Again, think of ways you can turn listeners into subscribers first. Do you offer a free 30-minute session? Why not leverage your podcast and invite people to sign up for it?
If free consultations aren't part of your coaching business plan, consider exclusive discounts for your audience.
5. Affiliate marketing
Affiliate marketing is an option to consider, especially if your show is rather technical and often features you mentioning resources. "During a recent interview The Audacity to Podcast host Daniel J. Lewis shared the fact that affiliate commissions allow him to generate a good income from his podcast," Ilunga recalled.
In all likelihood, most of your own podcast content is evergreen. This means that the information you shared yesterday is still relevant today and will be relevant over the next months and years.
This means that, as your show grows, you could potentially generate passive income -- through affiliate marketing -- by podcasting.
6. Books and audiobooks
As a podcaster, you spend hours creating high-value content, which you give away for free. People tune in, get advice and have the option of applying it to their business. In "3 Content Marketing Trends You Need to Be Addressing in Q2," I talked about repurposed content as a powerful content-marketing practice.
Who says that you can't apply repurposed content to your podcast to make money?
Hack the Entrepreneur host Jon Nastor is a great example of a podcaster who repurposed part of his content and created a product people pay for: a book. To write his book, he simply took some takeaways from the interviews he hosted on that podcast and combined them with brand new content.
Not that everybody is a writer, and writing a book may not be your thing. But, what about audiobooks? "As podcasters craft their art, they become better communicators and better storytellers," says narrator and audiobook creation expert Krystal Wascher. "Why not take your recording skills and create an audiobook? You probably have content and know how to record. It's a no-brainer, really."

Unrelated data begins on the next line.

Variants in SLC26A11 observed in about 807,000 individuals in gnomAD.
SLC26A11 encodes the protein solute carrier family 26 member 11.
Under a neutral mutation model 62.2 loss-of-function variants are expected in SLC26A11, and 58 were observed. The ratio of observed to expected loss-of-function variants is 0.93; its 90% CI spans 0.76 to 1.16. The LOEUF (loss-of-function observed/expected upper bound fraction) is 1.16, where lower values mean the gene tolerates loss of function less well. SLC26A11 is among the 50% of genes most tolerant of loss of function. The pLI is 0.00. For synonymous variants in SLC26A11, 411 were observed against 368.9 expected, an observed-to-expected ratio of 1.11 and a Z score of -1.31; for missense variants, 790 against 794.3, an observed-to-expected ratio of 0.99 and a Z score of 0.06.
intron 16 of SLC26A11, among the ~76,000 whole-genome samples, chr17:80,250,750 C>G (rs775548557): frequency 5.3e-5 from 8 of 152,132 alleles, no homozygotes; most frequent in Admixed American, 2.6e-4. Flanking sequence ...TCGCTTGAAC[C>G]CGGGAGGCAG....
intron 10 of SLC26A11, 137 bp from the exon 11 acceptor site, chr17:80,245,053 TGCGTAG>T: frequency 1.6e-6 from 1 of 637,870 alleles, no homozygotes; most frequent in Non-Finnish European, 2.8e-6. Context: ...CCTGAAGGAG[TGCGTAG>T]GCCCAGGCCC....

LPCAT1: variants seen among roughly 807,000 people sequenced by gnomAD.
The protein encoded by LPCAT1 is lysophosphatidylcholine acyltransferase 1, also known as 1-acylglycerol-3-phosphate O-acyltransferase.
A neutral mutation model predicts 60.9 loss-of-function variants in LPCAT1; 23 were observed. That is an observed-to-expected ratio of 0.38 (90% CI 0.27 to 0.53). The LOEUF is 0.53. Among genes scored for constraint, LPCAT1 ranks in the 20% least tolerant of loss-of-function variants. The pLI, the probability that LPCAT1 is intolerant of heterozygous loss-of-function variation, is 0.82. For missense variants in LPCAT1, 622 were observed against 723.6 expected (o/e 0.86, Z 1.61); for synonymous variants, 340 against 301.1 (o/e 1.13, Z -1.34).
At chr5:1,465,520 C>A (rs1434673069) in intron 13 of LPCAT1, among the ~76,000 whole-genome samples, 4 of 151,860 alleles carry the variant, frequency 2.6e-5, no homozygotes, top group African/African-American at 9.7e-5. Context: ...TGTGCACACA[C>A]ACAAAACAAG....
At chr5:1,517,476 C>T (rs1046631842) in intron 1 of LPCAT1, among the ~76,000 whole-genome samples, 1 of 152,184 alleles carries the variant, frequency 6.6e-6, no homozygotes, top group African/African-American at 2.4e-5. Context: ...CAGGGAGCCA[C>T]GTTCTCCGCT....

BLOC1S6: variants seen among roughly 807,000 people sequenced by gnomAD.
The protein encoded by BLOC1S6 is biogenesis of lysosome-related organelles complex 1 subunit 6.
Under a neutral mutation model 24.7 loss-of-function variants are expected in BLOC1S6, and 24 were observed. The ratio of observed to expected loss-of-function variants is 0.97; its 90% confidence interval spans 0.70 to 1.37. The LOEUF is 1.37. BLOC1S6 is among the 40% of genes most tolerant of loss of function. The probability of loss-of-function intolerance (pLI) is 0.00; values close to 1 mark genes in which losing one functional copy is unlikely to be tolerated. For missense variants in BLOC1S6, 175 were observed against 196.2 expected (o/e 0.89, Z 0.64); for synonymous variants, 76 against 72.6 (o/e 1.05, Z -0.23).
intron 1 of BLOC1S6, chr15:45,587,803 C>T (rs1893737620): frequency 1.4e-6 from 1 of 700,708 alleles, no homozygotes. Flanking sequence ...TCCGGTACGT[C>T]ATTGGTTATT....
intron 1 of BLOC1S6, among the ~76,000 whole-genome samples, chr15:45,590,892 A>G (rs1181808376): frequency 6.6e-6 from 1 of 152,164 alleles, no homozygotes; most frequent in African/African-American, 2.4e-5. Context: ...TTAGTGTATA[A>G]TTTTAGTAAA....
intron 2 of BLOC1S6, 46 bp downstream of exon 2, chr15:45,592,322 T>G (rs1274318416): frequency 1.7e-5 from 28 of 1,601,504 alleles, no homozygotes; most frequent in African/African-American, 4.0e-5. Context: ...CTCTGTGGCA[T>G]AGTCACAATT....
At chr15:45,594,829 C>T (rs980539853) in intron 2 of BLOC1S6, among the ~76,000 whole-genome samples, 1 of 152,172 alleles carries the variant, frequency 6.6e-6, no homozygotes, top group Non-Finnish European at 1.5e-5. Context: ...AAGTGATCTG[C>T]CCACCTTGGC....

In some cases, you may consider asking for your community's contribution. A crowdfunding platform like Patreon allows you to get your audience's support in the form of pledges. "Noah Lugeons, for instance, is making $1,200 an episode," explains Brian Kane, a.k.a. "The Real Brian, host of Profitcast. "There are several components that go into successful crowdfunding, but it's important for podcasters to understand that there are ways to profit from your show beyond the traditional CPM sponsorship model."
8. Virtual summits
Podcasts and relationships can also turn into a monetary business opportunity, in the form of virtual summits. Navid Moazzez, founder of The Branding Summit, and Yann Ilunga with his Podcast Success Summit, are examples of podcasters who leveraged their shows to build relationships and then used those to put together world-leading digital conferences.
With the Branding Summit, Moazzez generated $20,000 in sales and increased his email list by 3,000 subscribers.
Adds Llung: "Are you a podcaster who would like to organize the largest virtual summit in your industry? Tap into the connections you made through your podcast -- that's how I did it, and managed to put together an event that features over 80 expert speakers. I leveraged the relationships I had built through interviews for my podcast."
As you can see, a podcast interview can be much more than a simple conversation with an influencer in your space.